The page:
SOAS University of London


Global interactions

SOAS Centenary Research Theme

Increasing interconnections in the world as a result of trade, investment, migration and cultural exchange are seen as driving processes of globalisation and transnationalism, resulting at best in different parts of the world becoming more alike, and at worst in driving new forms of inequality.  Such processes at the very least force us to think in new ways about the field of ‘area studies’.

In practice, SOAS research demonstrates that global interconnections have existed through much of human history: for example, the Silk Road is a metaphor for a form of globalisation that predated the 20th century, which shaped not only present-day China, but also the various other regions that it connected.  

Looking to the future, global interactions are also likely to be shaped by regional influences, and lead to the development of new global and regional cultures and economies, as practices and ideas from one region adapt and develop in new contexts.  

SOAS research over the coming decades, whether focused on connections between Africa and Asia, the growing importance of regional cinemas on the global stage, or emerging global cultures around road-building or entrepreneurship, will stress the enduring significance of places and the influence they have on global ties.

Military mobilities and mobilising movements in the Middle East

Ship heading to a Turkish port Pic: Zeynep Timocin

Professor Laleh Khalili, Department of Politics, is working with a postdoctoral research fellow to understand the emergence of ports and transport infrastructure in the Arabian Peninsula at the conjuncture of wars, military movements, and commercial activities.  The 5-year project will draw on interviews, archival research, business data and a broad range of other sources to analyse the contours of the emergence of transport infrastructure in the region.

Funded by an ESRC grant of £633,871.

Photo credit: Zeynep Timocin SOAS Photography Competition 2013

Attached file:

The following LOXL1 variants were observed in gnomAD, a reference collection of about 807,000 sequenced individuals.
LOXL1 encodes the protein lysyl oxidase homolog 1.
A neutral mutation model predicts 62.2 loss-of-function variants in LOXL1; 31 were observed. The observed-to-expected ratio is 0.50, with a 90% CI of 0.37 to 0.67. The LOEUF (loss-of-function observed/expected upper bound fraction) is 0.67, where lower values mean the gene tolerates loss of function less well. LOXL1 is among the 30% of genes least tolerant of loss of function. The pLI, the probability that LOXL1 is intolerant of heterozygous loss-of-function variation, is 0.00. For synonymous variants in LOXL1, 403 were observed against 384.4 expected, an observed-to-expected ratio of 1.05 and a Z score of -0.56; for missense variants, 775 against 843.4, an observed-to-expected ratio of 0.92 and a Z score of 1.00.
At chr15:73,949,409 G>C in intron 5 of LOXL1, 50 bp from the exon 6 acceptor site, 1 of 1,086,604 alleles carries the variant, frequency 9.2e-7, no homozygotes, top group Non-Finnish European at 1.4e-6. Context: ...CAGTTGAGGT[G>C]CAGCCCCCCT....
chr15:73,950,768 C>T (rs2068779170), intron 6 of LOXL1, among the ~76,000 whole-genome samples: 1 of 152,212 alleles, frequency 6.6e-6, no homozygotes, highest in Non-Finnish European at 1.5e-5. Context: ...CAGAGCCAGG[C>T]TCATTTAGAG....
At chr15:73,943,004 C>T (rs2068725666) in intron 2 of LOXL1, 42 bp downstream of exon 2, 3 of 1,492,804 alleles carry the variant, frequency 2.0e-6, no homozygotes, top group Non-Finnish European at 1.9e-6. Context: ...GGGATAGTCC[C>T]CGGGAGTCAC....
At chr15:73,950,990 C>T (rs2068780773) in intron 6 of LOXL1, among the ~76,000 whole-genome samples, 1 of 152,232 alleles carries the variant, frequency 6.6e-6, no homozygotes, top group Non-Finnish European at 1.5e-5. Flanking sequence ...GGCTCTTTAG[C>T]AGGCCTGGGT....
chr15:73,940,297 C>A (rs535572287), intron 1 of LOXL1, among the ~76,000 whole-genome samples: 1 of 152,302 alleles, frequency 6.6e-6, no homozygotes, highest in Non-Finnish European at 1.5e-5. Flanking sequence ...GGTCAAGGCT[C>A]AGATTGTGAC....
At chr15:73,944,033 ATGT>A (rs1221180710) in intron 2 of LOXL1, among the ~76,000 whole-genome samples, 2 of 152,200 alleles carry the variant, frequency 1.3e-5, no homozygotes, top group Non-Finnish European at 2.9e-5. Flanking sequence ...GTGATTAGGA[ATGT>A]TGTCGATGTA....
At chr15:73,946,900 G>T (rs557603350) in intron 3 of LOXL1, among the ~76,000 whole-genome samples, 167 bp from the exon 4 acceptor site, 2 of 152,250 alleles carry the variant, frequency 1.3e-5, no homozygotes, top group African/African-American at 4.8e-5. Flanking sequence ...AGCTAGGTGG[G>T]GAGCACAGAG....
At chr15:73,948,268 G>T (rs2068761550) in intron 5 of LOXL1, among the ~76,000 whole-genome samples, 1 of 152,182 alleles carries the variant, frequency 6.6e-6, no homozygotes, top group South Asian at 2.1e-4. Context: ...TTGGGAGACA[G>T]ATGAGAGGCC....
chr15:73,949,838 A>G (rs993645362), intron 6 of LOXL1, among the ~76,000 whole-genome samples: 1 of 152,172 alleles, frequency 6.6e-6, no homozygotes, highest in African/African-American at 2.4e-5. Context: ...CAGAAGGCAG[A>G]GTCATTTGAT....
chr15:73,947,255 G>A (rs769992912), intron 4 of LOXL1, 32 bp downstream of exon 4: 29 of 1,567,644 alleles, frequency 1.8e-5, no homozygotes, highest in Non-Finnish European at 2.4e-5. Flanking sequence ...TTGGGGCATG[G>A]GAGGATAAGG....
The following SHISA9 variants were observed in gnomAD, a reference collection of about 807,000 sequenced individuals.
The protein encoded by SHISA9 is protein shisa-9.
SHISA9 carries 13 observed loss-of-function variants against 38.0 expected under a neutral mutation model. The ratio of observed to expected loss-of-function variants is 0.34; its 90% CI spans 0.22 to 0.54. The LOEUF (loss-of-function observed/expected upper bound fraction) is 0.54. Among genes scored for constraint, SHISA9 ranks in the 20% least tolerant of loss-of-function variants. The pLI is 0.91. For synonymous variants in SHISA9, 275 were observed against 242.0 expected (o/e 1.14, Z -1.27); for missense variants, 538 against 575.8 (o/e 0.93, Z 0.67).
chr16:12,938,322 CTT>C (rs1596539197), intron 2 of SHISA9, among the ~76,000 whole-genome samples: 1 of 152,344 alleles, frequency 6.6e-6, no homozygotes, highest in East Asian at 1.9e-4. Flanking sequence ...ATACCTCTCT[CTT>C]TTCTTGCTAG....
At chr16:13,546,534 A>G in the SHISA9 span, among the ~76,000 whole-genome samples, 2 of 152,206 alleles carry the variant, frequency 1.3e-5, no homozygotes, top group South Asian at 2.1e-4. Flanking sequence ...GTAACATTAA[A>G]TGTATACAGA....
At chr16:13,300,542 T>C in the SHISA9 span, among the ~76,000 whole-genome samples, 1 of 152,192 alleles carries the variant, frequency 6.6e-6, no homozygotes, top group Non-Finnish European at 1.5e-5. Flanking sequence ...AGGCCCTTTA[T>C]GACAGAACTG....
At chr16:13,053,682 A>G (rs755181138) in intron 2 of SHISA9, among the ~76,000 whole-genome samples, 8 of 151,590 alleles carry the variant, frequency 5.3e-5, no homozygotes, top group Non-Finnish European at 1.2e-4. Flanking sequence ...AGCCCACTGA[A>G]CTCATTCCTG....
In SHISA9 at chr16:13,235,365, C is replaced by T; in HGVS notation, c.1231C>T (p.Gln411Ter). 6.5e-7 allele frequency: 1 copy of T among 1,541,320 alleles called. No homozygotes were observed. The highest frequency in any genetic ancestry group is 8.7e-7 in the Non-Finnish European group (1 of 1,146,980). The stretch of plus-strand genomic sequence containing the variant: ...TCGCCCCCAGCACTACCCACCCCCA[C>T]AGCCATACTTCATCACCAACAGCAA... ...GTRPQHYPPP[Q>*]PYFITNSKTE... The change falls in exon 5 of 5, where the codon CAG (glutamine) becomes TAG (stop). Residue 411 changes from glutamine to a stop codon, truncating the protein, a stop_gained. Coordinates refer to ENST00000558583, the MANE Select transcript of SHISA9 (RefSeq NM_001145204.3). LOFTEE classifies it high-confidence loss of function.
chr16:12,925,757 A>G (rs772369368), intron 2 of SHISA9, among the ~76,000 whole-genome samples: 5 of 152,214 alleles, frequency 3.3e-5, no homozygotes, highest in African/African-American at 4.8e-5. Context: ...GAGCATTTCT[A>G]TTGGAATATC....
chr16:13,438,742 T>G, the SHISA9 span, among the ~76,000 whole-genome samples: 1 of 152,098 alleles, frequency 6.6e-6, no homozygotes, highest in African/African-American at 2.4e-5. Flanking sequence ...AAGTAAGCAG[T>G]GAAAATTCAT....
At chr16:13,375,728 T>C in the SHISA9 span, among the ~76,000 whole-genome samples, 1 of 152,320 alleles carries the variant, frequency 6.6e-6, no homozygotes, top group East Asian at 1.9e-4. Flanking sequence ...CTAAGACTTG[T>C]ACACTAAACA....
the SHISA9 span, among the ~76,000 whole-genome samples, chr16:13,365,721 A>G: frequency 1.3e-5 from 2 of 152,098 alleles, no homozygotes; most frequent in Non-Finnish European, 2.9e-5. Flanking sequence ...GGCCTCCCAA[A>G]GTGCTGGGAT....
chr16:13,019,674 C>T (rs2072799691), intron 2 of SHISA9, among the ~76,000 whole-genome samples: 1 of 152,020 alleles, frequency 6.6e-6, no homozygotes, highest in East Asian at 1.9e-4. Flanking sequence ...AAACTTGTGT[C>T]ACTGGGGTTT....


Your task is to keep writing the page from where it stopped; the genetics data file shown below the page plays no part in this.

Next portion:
International Consortium for airline research


Airlines and air traffic have been a dynamic element of an internationalizing world economy. Despite economic crises and terrorism, they have expanded and made air travel a mass phenomenon in many parts of the world. The industry has also seen important changes in types of airlines, strategy, alliances, business models, technology, forms of competition and regulation. The world economic crisis after 2008 and concern over the greenhouse effect have however led to more fundamental questions: Is continued expansion sustainable? Which development of the industry is sustainable, what changes does it imply?

Reinhard Bachmann, SOAS Professor of International Management, leads ICAROS, the International Consortium for Airline Research in Organization Studies, which brings together leading management researchers to investigate the ways in which the airline industry is affected by these changes.


Roads and the politics of thought

Travelling on a road under construction Pic: Luis Fernando Vieira

Dr Edward Simpson, Senior Lecturer in Social Anthropology, takes an ethnographic approach to infrastructure development in South Asia. His five-year project will provide the first ethnographic account of the culture of road builders, their knowledge practices, interrelations and motivations.

Funded by a European Research Council (ERC) Consolidator Grant of almost €2 million.

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Photo credit: Luis Fernando Vieira

China goes global

Supong Dam

Dr Frauke Urban, Senior Lecturer in Environment and Development, leads this comparative study of the environmental, social, economic and political impacts of Chinese hydropower dam projects in low and middle income countries in Asia and Africa. 

The 3-year project aims to inform corporate behaviour of hydropower firms in China and the UK and shape emerging national and international policy responses. 

Funded by the UK Economic and Social Research Council.